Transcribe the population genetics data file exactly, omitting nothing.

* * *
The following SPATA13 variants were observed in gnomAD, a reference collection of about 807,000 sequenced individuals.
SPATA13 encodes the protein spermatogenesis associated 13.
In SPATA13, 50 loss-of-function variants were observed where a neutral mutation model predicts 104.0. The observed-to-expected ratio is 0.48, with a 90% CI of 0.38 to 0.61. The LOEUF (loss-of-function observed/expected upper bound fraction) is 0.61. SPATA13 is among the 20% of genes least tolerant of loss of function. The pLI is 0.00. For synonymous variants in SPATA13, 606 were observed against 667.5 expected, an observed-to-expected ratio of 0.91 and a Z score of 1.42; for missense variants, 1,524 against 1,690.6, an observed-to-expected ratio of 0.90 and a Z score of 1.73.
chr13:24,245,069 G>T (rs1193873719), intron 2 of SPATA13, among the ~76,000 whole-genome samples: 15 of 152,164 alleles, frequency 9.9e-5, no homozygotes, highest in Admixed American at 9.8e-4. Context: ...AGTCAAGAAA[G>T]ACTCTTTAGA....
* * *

The following SPATA13 variants were observed in gnomAD, a reference collection of about 807,000 sequenced individuals.
SPATA13 encodes the protein spermatogenesis associated 13.
In SPATA13, 50 loss-of-function variants were observed where a neutral mutation model predicts 104.0. The observed-to-expected ratio is 0.48, with a 90% CI of 0.38 to 0.61. The LOEUF (loss-of-function observed/expected upper bound fraction) is 0.61. SPATA13 is among the 20% of genes least tolerant of loss of function. The pLI is 0.00. For synonymous variants in SPATA13, 606 were observed against 667.5 expected, an observed-to-expected ratio of 0.91 and a Z score of 1.42; for missense variants, 1,524 against 1,690.6, an observed-to-expected ratio of 0.90 and a Z score of 1.73.
chr13:24,245,069 G>T (rs1193873719), intron 2 of SPATA13, among the ~76,000 whole-genome samples: 15 of 152,164 alleles, frequency 9.9e-5, no homozygotes, highest in Admixed American at 9.8e-4. Context: ...AGTCAAGAAA[G>T]ACTCTTTAGA....